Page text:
Behind the Republican Effort to Win Over Black Men

Behind the Republican Effort to Win Over Black Men


Two Black Republican House members and Trump surrogates reserved a cigar bar near downtown Philadelphia last week and invited conservative organizers and Trump-curious Black voters to smoke and sip cognac.

Some Democrats denounced it as a crass play, rooted in stereotype. But the event was geared toward a demographic that Republicans — and especially former President Donald J. Trump’s campaign — see as one they can cut into just enough to win in November: Black men.

The effort has led to a series of awkward — and what some say are offensive — episodes of political theater. Mr. Trump has marketed gold sneakers to young men of color. He has suggested that his conviction on felony charges makes him more relatable to Black voters. And he has campaigned with rappers facing charges of gang murder and weapons possession.

Mr. Trump’s allies say that his critics are missing the point: The Republican Party, which was nearly 60 percent white as recently as 2022, according to exit polls, isn’t trying to appeal to every Black voter. It needs just enough Black support to undermine President Biden’s bedrock coalition.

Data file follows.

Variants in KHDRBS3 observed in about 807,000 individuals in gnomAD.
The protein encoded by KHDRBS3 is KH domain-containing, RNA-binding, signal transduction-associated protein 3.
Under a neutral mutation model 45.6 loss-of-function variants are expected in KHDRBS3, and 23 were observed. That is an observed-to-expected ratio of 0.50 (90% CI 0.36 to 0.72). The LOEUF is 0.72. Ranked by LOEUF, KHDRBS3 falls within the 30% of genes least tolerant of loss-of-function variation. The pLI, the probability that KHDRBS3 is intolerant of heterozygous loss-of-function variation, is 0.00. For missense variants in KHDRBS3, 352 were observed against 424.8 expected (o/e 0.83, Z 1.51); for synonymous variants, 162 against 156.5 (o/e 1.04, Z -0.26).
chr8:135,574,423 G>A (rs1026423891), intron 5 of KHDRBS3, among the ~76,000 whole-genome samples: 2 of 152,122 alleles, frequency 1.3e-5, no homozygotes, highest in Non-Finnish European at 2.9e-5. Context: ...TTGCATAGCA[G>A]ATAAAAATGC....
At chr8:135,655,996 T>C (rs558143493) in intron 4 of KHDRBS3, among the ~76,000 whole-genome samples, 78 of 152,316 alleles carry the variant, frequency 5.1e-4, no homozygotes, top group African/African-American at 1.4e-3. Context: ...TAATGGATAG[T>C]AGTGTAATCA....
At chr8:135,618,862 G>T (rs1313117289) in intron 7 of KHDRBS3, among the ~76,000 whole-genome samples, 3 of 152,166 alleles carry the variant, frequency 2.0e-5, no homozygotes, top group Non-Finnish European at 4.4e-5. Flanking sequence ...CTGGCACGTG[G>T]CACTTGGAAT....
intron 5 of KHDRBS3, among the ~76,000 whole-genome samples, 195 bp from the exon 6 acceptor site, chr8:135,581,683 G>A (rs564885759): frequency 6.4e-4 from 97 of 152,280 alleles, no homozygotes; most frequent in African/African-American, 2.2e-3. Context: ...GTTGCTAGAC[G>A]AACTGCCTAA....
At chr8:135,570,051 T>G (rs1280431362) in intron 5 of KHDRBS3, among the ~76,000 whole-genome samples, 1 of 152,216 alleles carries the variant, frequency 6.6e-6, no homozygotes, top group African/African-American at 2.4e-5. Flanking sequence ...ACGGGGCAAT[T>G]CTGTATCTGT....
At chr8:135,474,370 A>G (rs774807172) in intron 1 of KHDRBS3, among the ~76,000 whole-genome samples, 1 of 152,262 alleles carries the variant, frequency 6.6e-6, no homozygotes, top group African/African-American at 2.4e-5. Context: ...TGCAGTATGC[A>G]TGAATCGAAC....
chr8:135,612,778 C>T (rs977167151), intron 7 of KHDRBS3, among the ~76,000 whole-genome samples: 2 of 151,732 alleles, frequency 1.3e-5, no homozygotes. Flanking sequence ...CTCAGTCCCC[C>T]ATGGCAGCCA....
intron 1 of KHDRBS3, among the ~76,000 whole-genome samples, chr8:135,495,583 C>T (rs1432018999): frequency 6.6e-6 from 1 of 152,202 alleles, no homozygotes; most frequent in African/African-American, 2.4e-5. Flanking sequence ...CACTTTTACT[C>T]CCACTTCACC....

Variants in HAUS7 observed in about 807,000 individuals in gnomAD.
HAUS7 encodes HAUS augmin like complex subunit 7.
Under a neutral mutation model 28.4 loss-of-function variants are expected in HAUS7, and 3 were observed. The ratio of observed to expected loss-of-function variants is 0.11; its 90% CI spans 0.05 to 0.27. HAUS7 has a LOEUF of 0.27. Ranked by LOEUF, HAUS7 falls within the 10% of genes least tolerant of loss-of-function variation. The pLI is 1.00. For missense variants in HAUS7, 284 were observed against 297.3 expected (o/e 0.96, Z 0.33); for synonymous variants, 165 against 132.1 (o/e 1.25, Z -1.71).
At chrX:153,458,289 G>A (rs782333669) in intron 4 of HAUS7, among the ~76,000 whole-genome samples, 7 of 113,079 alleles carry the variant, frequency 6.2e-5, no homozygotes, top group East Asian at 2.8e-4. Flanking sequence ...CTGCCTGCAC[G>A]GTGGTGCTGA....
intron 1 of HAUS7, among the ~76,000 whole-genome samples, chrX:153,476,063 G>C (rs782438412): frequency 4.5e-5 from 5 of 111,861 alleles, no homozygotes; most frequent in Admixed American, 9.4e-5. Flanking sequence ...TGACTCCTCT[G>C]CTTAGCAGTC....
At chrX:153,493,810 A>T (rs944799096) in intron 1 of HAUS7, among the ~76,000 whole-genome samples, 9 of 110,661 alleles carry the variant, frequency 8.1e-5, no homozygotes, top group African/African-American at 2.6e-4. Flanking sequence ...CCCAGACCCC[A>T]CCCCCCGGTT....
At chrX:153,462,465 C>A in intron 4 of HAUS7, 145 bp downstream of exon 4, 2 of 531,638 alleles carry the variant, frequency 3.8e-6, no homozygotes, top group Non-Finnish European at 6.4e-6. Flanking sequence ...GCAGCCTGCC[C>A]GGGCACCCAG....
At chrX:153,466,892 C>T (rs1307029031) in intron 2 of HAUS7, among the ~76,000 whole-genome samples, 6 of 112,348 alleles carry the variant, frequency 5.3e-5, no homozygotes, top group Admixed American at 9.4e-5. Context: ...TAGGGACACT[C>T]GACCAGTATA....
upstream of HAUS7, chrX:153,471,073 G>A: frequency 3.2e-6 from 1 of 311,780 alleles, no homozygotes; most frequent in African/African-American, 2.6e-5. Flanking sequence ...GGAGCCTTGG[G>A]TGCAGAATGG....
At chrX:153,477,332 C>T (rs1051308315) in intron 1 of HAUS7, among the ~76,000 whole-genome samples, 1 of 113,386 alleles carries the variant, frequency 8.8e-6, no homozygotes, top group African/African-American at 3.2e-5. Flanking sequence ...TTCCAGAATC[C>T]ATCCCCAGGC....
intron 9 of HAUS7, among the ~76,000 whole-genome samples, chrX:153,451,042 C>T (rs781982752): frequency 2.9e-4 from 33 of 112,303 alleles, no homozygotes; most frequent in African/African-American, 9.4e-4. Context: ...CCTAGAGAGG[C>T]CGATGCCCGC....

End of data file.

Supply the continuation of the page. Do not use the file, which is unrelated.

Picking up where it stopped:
“We’re not going to get everyone. The goal here is not to get the majority,” said Representative Wesley Hunt of Texas, the co-host of the cigars-and-cognac event. “The goal here is to get to that 25 to 30 percent of the Black male vote.”

That notion, once considered far-fetched, is not out of the question now. A May New York Times/Siena College poll of battleground states showed 23 percent of Black voters supporting Mr. Trump, a record level. The former president won roughly 12 percent support from Black men in 2020, according to exit polls. And a Pew Research Center report in April showed a slight uptick in Black men who identify as Republican in 2024 compared to 2020.

If the G.O.P. can build on those gains over the next few months, Mr. Hunt added, “This election is going to be over.”

Mr. Hunt said the campaign was targeting disaffected Black and Latino voters who are frustrated with politics and specifically with the Democratic Party, which has counted Black voters among its most loyal voting blocs for decades. It has pushed conservative messages on the economy and immigration as issues that are directly relevant to Black voters.